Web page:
3. You Want the Respect that Comes with Being an Acclaimed Artist
Dream on. Once you sell your screenplay, it probably will be re-written by someone else (often several others) until it's unrecognizable. You're usually persona non grata while the movie is being shot, and neither the status nor the financial reward given the average screenwriter is anywhere close to proportionate to his or her contribution to the film. If you want real respect in Hollywood, become a maitre d'.
4. You Have a Strong Visual Sense
I'm not even sure what this means, but I hear it all the time, and, if anything, I think it's detrimental to successful screenwriting. Sure you want to picture what is going on on the screen, but the important talent is the ability to turn action into words. If you think only in pictures and are very right-brained, pursuing a career in production design, cinematography or directing might make more sense.
5. You Want to Adapt Your Own Novel (or Play or Life Story)
This is hard to accept, I know, but trust me: if your novel or play wasn't published or produced in its original form, it's extremely unlikely it's going to work as a movie. And, by now, you're much too emotionally attached to your original story. You will never be objective enough about it to make the numerous changes necessary for it to become a commercial script.
The same holds true for your own life experiences (or those of your grandparents). Yes, your life has been thrilling, painful, passionate, moving and glorious for you. But, I'm afraid the mass audience really isn't interested.
(It's fine to draw on your own experiences, but only to provide an arena for a fictional story. And if you want to be both a novelist and screenwriter, choose separate stories that are best suited to each medium. Just don't mix the two until someone offers you money to adapt your work into script form.)
6. You Want to Improve the Quality of Movies
If you don't like the stuff that's coming out of Hollywood nowadays, and you find yourself gravitating to foreign films and Fred Astaire festivals at the local Cineplex, or if you don't see at least one current American movie a month, then screenwriting probably isn't for you.
I don't think you'll ever be very happy pursuing a career in an industry you don't like. And you won't be able to change Hollywood. The most you can hope for is to write the best screenplays you can within the parameters of the system. Or else blaze your own trail outside the mainstream arena with low budget, independent films. But success there, which is even tougher to achieve, still requires a basic love for the movies.
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The Right Reasons to Want to Be a Screenwriter
1. The Money
Yes, I know I just said that untold wealth is the wrong reason for pursuing screenwriting. But if money isn't your only motive, and you know you want to write, then you can probably make more as a steadily working screenwriter than with any other form of writing. Just remember that it's a package deal, and all of the other rules and obstacles are included.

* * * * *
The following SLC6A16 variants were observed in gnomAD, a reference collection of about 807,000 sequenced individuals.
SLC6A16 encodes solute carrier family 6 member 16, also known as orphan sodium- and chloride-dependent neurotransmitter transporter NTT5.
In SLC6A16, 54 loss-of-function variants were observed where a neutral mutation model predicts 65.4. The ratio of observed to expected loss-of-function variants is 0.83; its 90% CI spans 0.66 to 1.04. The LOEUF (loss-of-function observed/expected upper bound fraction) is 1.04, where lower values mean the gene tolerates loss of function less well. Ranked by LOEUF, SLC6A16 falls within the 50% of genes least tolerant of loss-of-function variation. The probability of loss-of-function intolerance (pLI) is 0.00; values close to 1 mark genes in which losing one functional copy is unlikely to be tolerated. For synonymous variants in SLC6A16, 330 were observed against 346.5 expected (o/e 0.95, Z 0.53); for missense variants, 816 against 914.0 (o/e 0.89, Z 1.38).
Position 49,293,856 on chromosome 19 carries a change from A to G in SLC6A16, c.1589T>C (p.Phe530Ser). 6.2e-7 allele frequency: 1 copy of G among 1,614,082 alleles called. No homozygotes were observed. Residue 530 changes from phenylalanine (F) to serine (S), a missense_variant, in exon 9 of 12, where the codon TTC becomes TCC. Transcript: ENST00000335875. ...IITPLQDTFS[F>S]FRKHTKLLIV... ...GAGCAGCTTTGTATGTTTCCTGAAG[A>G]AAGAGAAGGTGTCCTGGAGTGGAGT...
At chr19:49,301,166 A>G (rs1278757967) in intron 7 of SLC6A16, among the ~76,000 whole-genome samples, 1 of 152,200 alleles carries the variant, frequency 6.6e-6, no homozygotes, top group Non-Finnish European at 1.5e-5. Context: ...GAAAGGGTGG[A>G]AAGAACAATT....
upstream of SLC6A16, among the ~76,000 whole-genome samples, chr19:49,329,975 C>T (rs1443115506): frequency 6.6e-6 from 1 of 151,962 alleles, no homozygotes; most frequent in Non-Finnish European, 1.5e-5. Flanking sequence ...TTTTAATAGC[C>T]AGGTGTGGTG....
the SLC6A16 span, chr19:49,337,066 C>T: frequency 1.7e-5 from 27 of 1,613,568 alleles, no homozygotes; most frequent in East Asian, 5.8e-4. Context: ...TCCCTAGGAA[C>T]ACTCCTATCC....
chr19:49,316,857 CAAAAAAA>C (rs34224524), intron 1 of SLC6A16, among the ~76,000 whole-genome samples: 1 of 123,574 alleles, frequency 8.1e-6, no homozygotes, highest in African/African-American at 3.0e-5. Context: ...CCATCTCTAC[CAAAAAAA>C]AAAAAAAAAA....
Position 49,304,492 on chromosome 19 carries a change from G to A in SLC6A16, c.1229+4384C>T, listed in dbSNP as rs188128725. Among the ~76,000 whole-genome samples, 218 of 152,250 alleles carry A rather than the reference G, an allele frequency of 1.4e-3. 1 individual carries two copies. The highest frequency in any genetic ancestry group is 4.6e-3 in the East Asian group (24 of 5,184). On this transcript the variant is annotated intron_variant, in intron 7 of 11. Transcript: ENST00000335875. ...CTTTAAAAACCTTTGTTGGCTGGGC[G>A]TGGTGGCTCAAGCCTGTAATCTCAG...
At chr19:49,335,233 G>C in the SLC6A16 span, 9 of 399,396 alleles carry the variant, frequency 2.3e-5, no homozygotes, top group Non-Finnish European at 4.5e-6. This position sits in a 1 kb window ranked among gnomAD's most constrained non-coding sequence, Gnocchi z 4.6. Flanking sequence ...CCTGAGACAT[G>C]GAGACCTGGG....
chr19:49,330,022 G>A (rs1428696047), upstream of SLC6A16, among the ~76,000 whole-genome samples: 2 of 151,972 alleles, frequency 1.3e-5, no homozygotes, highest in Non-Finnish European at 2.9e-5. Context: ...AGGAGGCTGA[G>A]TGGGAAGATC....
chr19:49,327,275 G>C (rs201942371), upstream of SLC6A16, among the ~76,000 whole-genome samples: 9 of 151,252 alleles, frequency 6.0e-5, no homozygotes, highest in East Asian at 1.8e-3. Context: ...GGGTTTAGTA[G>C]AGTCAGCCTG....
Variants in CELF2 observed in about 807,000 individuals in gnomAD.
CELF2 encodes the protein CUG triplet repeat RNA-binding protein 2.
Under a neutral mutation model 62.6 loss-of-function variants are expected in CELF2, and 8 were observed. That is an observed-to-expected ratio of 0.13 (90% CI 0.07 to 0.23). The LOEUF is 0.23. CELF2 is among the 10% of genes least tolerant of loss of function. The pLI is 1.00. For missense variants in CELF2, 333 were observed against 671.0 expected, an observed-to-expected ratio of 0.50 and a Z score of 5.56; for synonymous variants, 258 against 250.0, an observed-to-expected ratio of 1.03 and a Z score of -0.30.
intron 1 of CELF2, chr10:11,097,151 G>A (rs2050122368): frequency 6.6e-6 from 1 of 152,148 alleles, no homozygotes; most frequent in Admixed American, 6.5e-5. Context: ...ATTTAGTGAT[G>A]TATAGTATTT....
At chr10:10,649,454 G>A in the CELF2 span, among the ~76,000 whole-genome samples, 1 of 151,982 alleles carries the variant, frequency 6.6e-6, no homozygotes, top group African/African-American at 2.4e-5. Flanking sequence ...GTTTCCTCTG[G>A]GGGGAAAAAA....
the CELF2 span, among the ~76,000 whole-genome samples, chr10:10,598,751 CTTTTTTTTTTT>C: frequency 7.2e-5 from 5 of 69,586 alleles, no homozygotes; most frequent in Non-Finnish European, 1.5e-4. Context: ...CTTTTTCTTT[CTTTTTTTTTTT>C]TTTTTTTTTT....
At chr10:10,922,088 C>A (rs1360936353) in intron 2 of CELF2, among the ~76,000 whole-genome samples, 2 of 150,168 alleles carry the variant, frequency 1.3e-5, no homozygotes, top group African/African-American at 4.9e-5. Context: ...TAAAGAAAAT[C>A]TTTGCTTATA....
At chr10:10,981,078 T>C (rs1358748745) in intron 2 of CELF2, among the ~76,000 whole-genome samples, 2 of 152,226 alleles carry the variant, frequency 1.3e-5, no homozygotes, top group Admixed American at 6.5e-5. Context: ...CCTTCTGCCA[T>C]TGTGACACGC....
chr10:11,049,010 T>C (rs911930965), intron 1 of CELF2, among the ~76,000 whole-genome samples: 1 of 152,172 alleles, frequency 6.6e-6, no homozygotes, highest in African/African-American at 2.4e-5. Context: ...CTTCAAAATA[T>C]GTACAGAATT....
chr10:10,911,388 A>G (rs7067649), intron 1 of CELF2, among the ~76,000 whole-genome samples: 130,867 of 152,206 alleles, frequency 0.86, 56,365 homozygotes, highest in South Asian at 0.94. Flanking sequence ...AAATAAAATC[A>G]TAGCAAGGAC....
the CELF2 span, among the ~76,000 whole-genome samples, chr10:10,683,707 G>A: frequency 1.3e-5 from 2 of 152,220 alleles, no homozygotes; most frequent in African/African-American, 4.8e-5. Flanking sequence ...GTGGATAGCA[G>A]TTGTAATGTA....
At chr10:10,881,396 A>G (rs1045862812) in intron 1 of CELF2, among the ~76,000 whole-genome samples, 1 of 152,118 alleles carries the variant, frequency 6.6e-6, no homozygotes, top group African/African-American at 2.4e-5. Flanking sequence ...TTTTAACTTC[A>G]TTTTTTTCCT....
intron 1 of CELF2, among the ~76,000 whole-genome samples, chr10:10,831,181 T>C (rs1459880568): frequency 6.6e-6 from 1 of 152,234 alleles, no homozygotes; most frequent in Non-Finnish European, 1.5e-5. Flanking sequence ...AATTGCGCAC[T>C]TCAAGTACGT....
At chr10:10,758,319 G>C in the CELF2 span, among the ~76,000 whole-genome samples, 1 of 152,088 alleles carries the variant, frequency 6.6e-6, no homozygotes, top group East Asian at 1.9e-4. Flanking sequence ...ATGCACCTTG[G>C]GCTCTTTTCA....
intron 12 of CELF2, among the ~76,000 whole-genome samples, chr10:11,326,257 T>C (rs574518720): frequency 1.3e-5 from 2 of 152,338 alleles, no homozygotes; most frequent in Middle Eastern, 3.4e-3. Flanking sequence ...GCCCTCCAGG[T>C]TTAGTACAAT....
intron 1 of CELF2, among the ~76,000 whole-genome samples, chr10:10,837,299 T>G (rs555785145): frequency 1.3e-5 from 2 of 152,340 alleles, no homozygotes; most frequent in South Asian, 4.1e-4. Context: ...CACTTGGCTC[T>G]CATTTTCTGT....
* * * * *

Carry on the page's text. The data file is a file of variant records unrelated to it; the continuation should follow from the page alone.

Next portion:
2. You Get to Tell Stories
If creating unique, captivating characters and taking them over seemingly insurmountable obstacles to achieve visible, bigger-than-life goals is the kind of writing that thrills you, then you should consider movie writing.
3. You Love the Movies (and/or Television)
You not only love seeing them, you relish the challenge of staying within a rigid formula and creating a visual story that is original, thoughtful and emotionally captivating.
4. You'll Reach a Huge Audience
More people saw last week's episode of 'The West Wing' than have read 'Gone With the Wind'. Makes you stop and think, doesn't it?
5. You Love to Write
Screenwriting may not employ all the big words in the dictionary, but you still get to spend your day lost in the power of language.
In summary, if you're wondering whether to begin (or continue) your pursuit of screenwriting, forget both the defeatist statistics and the dreams of glory and riches. And omit the word 'easy' from your vocabulary entirely; there is NO form of professional writing or filmmaking worth pursuing because it's easy. Instead, ask yourself if your joy will come from within the process of sitting every day at your computer and creating a story for the big or small screen.
If the answer is truly 'yes' and your motives match those listed above, then close the door, fire up your computer and start writing.
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Meet the Author: Michael Hauge
MICHAEL HAUGE has been one of Hollywood’s top script consultants, story experts and authors for more than 30 years. He coaches screenwriters, novelists, filmmakers, speakers, and marketers, helping transform their stories and their audiences using the principles and methods of Hollywood’s most successful movies. Michael has consulted on films starring Will Smith, Tom Cruise, Reese Witherspoon, Julia Roberts and Morgan Freeman, and has presented lectures and workshops to more than 70,000 participants worldwide. According to Will Smith, “No one is better than Michael Hauge at finding what is most authentic in every moment of a story.”